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Severance offers orchestra discounts to CWRU students.

Walking into Severance Hall is a different and sometimes new experience for most college students. Opposite the loud, grungy, and often smelly venues like Peabody’s and the Grog Shop, a regal atmosphere instantly hits you when you enter the timeless lobby.

As you work your way through the directions to your seat, you ascend winding staircases and cross famous lobbies. When you enter the performance room, it becomes more than just an evening out. People of all ages are wearing their best clothes and the lights dim to call attention to the stage.

The lavish ceiling artwork reflects the art-deco style that was prominent during the time period during which the interior of Severance Hall was designed. Silver and gold flower designs wind gracefully around each other, culminating in a fantastic visual experience. Blue velvet curtains and seat cushions add to this regality.

Before the music starts and silence steals the hall, a single unfortunate cough is enough for everyone to notice. The hall’s legendary acoustics can bring out anything from the tiny ring of a triangle to a blaring tuba note, but it can also reveal the smallest of audience interruptions.

Luckily, most Cleveland Orchestra audiences are pretty polite.

Classical is not the most popular genre today, but it is certainly worth seeing the Cleveland Orchestra and experience its powerful music surrounded by mind-boggling architecture. If students are not interested in purchasing a season pass, they can get ten-dollar tickets at the door by enrolling in the Student Advantage Program through the Cleveland Orchestra’s website.

Not only can college students get discounts at various Cleveland museums and restaurants, but they can also take advantage of one of the best deals Severance Hall has to offer.

This year, students can purchase a frequent fan card for only 50 dollars with a student ID. This pass is available to any student, not just those at Case Western Reserve University. Though the pass will get students into most concerts, pass holders must call ahead of time to make sure seating will be available.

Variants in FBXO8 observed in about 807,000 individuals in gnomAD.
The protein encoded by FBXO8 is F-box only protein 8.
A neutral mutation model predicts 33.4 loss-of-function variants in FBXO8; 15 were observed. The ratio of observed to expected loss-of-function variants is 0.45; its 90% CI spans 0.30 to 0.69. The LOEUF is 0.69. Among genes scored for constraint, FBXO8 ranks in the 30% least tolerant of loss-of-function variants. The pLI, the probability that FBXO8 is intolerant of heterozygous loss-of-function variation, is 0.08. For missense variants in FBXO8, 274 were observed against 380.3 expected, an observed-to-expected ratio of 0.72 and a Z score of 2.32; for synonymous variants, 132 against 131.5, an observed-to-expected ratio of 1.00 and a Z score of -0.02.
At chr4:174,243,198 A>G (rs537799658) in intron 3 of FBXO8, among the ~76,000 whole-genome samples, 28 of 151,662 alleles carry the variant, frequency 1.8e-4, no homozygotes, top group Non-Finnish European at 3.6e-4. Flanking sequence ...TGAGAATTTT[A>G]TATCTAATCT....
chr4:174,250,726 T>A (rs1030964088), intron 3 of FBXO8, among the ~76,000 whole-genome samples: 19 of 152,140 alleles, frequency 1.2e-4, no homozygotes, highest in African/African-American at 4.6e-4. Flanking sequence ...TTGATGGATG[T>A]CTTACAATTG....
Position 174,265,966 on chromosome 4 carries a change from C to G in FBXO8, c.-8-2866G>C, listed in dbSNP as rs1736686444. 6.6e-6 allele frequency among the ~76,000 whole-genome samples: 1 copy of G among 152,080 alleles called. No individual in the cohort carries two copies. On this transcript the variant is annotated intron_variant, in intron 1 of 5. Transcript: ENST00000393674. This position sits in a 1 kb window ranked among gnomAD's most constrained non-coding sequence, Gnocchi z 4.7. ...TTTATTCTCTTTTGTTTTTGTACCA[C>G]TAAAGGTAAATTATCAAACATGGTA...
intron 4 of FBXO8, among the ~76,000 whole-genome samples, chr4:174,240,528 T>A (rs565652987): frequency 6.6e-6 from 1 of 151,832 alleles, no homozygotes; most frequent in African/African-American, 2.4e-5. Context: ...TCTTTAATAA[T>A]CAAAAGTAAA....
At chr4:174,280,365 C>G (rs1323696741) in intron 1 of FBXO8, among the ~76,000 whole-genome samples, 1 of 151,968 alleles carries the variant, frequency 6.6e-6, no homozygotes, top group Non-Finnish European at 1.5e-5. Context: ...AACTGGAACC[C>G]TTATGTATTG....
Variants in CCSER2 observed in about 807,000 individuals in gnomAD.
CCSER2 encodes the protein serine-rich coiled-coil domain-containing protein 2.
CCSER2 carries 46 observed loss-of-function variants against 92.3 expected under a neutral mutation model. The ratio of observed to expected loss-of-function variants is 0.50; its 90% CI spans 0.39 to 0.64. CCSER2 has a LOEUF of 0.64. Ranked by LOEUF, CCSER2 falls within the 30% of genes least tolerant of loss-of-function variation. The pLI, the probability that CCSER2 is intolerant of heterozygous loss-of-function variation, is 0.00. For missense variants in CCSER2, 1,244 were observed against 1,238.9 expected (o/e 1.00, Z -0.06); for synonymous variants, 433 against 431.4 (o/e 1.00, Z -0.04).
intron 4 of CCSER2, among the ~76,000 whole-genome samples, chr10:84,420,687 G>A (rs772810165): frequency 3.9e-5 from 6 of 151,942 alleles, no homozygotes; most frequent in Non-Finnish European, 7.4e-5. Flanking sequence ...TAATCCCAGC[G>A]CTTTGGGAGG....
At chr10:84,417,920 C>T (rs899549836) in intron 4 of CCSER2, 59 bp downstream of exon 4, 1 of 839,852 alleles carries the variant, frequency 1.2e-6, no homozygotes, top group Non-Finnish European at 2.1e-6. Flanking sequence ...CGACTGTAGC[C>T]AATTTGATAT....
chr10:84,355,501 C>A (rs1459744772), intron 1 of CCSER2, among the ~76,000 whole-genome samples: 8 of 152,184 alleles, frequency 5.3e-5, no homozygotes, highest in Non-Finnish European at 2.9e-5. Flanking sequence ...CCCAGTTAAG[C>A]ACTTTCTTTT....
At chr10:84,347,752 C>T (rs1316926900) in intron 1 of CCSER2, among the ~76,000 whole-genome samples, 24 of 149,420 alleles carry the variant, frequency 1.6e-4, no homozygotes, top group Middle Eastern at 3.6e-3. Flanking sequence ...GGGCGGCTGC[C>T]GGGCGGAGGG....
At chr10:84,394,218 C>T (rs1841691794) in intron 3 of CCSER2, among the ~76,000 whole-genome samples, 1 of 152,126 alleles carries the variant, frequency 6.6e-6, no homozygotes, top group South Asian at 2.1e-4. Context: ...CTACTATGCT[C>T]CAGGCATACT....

Both options save a considerable amount of money. Even by utilizing the Student Advantage program just once, a student will save at least 20 dollars on a ticket. Needless to say, the Frequent Fan Card can help students who plan on going to more than a few concerts reap some big savings.

In my short experience of attending Cleveland Orchestra concerts, I have never been disappointed. Just last weekend, the smashing performances of Liadov’s The Enchanted Lake, Rachmaninoff’s Piano Concerto No. 2 and Sibelius’s Symphony No. 2 opened my eyes to three composers I had either never heard of or knew nearly nothing about.

More well-known compositions are coming up in the future, including Beethoven’s Symphony No. 4 next week, Chopin’s Piano Concerto No. 2 Nov. 23-25 and Tchaikovsky’s The Nutcracker Nov. 29 through Dec. 2.

Because Playhouse Square hosts The Nutcracker, Severance student advantages are not accepted for this holiday classic. Despite this, Playhouse Square offers cheap and affordable tickets for anyone interested for as low as ten dollars.

A classic Cleveland Orchestra performance thus far was the All-Russian concert two weeks ago, featuring Prokofiev’s Alexander Nevsky, with a full choir belting out behind the animated instrument players. All pieces of the night demonstrated the Cleveland Orchestra’s musical power, executed with precision and passion.

With a season that spans into May 2013, the Cleveland Orchestra offers a broad variety of performances that can interest any musically inclined student.

For those who are not too sure if they will like it, a word of advice: Just try it. Some people are not fans of classical music until they step into the hall, and then they are sold.

Besides, with ten dollar tickets, what’s the harm in trying something new?

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About the Contributor
Anne Nickoloff
Anne Nickoloff, Director of Print
Anne Nickoloff, the Director of Print for The Observer, is a senior at Case Western. She hopes to one day be a music journalist, and has spent much of her time in Cleveland covering the local concert scene. In addition to her work with The Observer, she is the editor-in-chief of The Athenian, Case Western's humor magazine. Her articles have been published in Cleveland Scene Magazine, Cosmopolitan Magazine, Belt Magazine, Cellar Door and Cleveland Street Chronicle.

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